Express: Working with Dynamic
Content & Adding Templating Engines

This post is my second Node blog, and today I am going to talk about Express and how to work with dynamic content using template engines.

A template engine enables you to use static template files in your application. At runtime, the template engine replaces variables in a template file with actual values and transforms the template into an HTML file sent to the client. This approach makes it easier to design an HTML page.

Here is a quick refresher on how we create an app using Node Express:

const express = require('express')
const app = express()

Now let’s write a custom route for our users page without a template.

As you can see, it’s not fun to do it this way, instead Express offers so many template engines, but today I will talk about 2 of my favorite template engines and

Let’s start with pug, will install pug at your project, and don’t forget to install both Express and nodemon, and check pug’s docs at

Pug is a template engine for Node and for the browser. It compiles to HTML and has a simplified syntax, which can make your code more readable. Pug makes it easy to write reusable HTML and render data pulled from a database or API. Now let’s create a pug file, we will call it

<!DOCTYPE html>     html(lang="en")         head             meta(charset="UTF-8")             meta(name="viewport", content="width=device-width, initial-scale=1.0")             meta(http-equiv="X-UA-Compatible", content="ie=edge")           title Document           body
h1 Users Page

I like pug because you can write HTML without too much code, you also don’t need closing tags, but indentation is significant when you use pug.
Now let’s get back to app.js to set our view engine to pug and views to views folder. We can now use the render method to go to the views folder and render ‘users’, and we don’t have to add .pug extension.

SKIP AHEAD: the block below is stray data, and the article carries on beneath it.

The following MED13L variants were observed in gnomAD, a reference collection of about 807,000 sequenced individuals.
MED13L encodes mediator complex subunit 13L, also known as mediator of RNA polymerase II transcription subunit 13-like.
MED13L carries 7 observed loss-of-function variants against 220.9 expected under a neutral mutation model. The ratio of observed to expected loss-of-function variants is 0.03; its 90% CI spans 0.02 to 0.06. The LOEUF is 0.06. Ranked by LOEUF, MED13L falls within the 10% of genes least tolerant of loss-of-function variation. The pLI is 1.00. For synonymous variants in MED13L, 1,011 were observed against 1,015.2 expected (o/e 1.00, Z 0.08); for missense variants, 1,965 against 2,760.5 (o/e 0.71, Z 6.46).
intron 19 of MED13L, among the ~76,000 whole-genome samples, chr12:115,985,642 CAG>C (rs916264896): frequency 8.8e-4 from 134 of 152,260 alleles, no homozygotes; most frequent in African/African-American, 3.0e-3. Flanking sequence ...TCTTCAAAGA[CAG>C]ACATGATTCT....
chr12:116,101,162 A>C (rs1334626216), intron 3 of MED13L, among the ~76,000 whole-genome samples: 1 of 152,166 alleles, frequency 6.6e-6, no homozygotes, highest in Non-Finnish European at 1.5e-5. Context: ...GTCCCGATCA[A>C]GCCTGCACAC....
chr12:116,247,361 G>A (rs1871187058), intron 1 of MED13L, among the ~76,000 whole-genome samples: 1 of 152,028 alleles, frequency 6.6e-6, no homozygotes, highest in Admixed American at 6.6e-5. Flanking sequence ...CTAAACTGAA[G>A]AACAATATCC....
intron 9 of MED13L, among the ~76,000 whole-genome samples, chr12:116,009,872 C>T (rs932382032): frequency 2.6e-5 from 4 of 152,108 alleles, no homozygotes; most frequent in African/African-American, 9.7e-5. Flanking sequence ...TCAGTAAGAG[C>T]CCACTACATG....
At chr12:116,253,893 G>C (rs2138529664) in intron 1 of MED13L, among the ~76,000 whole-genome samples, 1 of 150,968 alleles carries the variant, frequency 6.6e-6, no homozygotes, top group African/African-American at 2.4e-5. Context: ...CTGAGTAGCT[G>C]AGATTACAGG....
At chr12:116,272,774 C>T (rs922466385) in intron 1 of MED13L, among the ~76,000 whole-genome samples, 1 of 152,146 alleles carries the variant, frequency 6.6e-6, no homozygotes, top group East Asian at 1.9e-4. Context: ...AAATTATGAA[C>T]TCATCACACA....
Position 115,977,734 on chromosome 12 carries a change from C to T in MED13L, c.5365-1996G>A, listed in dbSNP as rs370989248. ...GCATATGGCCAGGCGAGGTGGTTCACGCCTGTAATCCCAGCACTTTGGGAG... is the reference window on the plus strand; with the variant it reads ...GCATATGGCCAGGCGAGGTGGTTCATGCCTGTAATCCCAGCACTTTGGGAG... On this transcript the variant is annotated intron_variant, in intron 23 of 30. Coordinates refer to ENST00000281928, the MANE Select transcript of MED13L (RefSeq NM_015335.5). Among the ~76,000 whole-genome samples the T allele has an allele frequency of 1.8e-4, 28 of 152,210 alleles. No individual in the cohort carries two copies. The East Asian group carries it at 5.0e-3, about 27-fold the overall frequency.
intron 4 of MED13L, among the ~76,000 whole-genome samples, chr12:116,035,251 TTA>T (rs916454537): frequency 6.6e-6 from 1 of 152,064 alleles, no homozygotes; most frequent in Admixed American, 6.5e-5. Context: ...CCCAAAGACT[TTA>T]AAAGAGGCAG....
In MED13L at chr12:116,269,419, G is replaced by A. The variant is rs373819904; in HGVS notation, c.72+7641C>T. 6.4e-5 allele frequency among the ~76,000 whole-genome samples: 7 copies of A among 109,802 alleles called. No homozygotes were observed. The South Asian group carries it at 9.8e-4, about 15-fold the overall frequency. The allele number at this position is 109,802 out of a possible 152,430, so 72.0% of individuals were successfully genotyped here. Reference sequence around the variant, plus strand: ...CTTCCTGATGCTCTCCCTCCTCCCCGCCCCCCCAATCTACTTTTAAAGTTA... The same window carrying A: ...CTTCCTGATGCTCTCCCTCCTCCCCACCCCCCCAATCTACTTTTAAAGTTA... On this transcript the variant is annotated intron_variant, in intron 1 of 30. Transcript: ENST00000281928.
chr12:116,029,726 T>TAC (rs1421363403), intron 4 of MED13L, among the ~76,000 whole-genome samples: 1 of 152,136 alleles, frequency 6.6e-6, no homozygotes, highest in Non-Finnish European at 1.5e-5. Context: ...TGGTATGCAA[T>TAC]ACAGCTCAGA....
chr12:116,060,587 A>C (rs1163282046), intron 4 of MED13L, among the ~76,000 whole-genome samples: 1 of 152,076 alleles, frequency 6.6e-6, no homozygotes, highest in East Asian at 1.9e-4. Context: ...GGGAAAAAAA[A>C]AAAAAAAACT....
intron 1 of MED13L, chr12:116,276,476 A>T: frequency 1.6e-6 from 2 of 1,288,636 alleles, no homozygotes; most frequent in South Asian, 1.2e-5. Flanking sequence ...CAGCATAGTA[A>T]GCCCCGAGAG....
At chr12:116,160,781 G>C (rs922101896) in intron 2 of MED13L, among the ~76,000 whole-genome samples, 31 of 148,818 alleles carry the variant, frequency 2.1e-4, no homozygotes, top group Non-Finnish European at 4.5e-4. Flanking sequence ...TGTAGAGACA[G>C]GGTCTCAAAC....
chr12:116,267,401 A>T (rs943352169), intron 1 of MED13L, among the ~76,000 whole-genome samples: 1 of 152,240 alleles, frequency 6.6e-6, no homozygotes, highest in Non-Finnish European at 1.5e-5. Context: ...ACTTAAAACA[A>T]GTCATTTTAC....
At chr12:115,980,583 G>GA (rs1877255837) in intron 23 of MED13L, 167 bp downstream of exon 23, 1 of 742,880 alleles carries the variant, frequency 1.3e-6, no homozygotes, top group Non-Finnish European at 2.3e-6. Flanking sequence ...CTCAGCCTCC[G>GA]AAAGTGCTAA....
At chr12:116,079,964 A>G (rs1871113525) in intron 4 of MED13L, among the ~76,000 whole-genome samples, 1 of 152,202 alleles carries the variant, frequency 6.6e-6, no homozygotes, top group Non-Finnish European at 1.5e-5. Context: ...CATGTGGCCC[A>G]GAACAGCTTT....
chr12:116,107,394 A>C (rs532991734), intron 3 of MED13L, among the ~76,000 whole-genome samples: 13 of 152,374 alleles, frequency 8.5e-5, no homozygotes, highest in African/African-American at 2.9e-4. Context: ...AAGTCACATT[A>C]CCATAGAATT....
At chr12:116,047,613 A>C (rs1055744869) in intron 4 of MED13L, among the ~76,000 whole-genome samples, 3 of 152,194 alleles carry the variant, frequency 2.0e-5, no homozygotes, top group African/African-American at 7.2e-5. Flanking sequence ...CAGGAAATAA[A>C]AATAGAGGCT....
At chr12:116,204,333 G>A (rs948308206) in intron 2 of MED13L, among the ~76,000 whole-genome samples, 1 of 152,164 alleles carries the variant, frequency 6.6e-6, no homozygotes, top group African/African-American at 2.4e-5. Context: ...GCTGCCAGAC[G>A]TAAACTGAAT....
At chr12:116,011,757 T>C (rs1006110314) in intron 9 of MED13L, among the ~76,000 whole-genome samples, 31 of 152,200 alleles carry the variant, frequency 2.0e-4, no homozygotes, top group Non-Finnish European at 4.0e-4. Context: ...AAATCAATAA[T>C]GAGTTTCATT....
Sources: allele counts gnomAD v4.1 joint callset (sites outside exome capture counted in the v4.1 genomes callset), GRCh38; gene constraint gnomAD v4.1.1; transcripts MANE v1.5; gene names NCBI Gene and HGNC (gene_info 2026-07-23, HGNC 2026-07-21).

The second template I will talk about is ejs; by far, this is my favorite template so far because EJS is a simple templating language that lets you generate HTML markup with plain JavaScript. No religiousness about how to organize things. No reinvention of iteration and control-flow. It’s just plain JavaScript.

  • If you joined Flatiron Bootcamp, this might look familiar at Ruby on Rails mod, where we used a similar template for Ruby to write and generate HTML views pages.

Let’s dive in and install EJS by , and we will do the same by creating a file in the views folder.

We will also need to change the views engine at our app.js file to accept ejs template.

app.set('view engine' , 'ejs')app.set('views' , 'views')

Let’s say we have an array of users to iterate and show in an unordered list.

<% if(users.length > 0 ) { %>      <h1>Users List</h1>      <ul>        <% users.forEach((user) => { %>            <li> <%= %> </li>        <% }) %>      </ul><% } else { %>         <h1> No Users Found</h1><% } %>

It’s effortless to write Javascript code in here with those signs:

  • For Javascript code: .
  • To declare a variable or show a value: .

Working with Partials:

Partials come in handy when you want to reuse the same HTML across multiple views. Think of partials as functions. They make big websites easier to maintain as you don’t have to change a piece of text on every page it appears on. Instead, you define that reusable bundle of code in a file and include it wherever you need it.

For example, if we have a navbar that we need to add to all pages, we can create navigation. ejs file and add it to all ejs files by doing the following:

  • Create a navigation ejs file in the views folder.
  • Add the HTML code into the navigation.ejs
  • Add this <%- include(‘path’) %> where you’d have the navigation code on all your ejs files.

#Keep learning



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